So I don't know all that much about fashion and, unlike film, I've never been motivated to educate myself on the subject. I think of fashion like I think of Broadway: it's a cool thing that largely happens in bigger, more progressive, cosmopolitan areas. When I was in college pursuing a degree in art, though, I began to develop a strong aesthetic interest in female bodies and, by extension, I became interested in ways to adorn the female form. I wasn't so much interested in wearable clothing, I was more into the idea of creating sculptural pieces that were informed by the body, or art that was built around the body, transforming it into a component that works in tandem with the garment to create a tangible work of art. After college I started buying Vogue magazines on a fairly regular basis. I can't remember what prompted me to begin doing that, but I'm pretty sure it had more to do with the women who were gracing the covers than it did the designers themselves. Basically if an actress I liked turned up on the cover of the latest Vogue rather than the latest Vanity Fair I would buy the Vogue; I really just wanted to look at beautiful women I admired. But, at some point, I began to realize that I was drawn to particular pieces of clothing, and they were all made by the same designer: Alexander McQueen. With his flair for the dramatic and his gift for storytelling McQueen would be the obvious choice to truly bring me around to the idea of fashion as an art form in its own right.

My earliest memory, the thing that first caught my eye and truly captured my interest, were some fall/winter 2002 pieces that combined filmy pastel material, very fitted up top, almost like gauze bandaging, with leather harnesses. Sometimes the skirt would be an abundance of ruffles, layers and layers of them, very ephemeral and romantic and feminine, but paired with those severe, almost punishing looking harnesses. They were sexual, and maybe that didn't fully register with me on a conscious level initially, but the fetish implications - the rigid, constrictive nature of the harness dominating the delicate, yielding material of the dress - seem glaringly obvious in hindsight. McQueen wasn't just creating clothing. He was crafting a character, a mood, a statement. This was a garment that could be worn by a dominatrix, a gothic heroine, a bride of Dracula. I was in thrall.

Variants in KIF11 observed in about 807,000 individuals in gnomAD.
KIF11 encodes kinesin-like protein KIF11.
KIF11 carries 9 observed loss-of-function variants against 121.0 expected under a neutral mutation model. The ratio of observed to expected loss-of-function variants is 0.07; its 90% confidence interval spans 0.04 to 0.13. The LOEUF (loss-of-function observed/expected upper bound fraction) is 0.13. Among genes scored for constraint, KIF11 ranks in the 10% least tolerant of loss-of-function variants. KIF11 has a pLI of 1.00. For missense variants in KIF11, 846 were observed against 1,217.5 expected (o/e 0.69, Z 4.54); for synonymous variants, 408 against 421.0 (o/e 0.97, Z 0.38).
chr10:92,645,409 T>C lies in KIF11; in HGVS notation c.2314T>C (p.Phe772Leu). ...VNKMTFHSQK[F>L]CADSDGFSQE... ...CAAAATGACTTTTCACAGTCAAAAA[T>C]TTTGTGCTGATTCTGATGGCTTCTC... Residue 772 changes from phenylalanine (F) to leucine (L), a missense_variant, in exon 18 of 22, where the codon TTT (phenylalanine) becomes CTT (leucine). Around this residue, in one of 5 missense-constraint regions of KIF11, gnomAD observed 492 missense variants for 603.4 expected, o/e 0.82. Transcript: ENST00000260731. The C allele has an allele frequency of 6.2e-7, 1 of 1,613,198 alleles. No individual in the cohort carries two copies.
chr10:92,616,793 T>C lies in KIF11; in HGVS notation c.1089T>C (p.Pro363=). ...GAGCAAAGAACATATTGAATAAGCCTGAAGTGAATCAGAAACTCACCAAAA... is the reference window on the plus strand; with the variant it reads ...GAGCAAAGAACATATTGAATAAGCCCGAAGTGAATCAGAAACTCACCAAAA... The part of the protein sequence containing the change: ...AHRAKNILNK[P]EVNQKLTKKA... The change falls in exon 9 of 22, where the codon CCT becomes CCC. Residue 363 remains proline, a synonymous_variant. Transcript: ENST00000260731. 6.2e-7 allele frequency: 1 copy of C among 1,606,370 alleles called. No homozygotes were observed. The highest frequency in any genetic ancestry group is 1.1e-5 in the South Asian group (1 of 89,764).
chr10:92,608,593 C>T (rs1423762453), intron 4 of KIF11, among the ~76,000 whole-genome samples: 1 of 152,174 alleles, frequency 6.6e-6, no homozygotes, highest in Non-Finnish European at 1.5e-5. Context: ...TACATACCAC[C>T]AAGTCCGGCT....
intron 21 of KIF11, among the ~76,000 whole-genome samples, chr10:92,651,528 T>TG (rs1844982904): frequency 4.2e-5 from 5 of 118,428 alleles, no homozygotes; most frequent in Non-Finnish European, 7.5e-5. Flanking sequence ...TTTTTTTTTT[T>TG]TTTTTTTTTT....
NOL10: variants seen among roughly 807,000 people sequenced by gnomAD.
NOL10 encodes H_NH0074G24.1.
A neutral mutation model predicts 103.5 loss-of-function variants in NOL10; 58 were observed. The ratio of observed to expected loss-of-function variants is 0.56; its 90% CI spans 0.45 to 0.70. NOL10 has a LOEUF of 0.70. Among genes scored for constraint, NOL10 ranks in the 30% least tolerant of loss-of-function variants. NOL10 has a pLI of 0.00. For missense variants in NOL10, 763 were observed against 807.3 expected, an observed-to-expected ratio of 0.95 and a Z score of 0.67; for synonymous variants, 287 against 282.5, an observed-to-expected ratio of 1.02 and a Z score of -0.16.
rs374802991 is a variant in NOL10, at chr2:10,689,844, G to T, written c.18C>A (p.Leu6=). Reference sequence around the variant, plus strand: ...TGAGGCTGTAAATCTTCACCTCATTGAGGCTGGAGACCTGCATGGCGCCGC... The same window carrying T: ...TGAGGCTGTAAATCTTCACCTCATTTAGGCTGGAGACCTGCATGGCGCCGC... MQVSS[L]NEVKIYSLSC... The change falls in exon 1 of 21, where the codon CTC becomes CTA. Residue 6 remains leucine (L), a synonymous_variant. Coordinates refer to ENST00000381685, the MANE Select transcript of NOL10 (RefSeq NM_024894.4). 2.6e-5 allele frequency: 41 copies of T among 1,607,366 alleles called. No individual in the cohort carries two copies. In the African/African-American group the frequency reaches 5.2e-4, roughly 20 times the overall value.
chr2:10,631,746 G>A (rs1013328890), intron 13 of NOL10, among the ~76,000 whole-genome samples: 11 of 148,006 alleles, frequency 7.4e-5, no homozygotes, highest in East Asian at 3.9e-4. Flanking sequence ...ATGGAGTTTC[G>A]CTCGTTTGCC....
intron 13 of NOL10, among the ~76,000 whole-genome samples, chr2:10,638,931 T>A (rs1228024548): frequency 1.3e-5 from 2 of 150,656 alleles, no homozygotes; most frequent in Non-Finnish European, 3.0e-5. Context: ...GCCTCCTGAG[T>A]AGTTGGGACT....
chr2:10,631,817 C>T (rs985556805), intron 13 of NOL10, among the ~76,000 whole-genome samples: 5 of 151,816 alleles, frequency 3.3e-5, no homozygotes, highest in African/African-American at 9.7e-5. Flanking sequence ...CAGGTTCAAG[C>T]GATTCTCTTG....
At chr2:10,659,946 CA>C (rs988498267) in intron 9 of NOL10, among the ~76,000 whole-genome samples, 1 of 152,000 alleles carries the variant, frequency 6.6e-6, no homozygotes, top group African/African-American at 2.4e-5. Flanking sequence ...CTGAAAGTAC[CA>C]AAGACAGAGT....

And so I developed a fondness for McQueen, but it never really went beyond that. I have a habit of going overboard with my admiration, obsessing at times to a degree that is all-consuming, bordering on pathological. My love for McQueen was never like that, though; his work was always just kind of percolating in the back of mind, informing my artistic sensibilities in subtle ways. Though my admiration for McQueen was always kind of low key I was certainly a big enough fan to make a trip to New York in July of 2011 to see the posthumous retrospective Alexander McQueen: Savage Beauty at the Metropolitan Museum of Art. And I am so grateful that I had the opportunity to see this show, and it remains one of the most thrilling, and emotional museum experiences I've had. I remember black walls, and music, and in some rooms there would be a wind machine going to make the fabric billow. If there wasn't a headpiece of some sort the mannequin models were often headless, to minimize distraction and keep the focus entirely on the garment that was being displayed. Guests wound around the space, from one room to the next, experiencing each collection in an atmosphere that tried in subtle ways to approximate the feel of an actual McQueen runway show. Like the clothes themselves, the exhibition was transportive and a bit overwhelming. It cast a spell, for sure.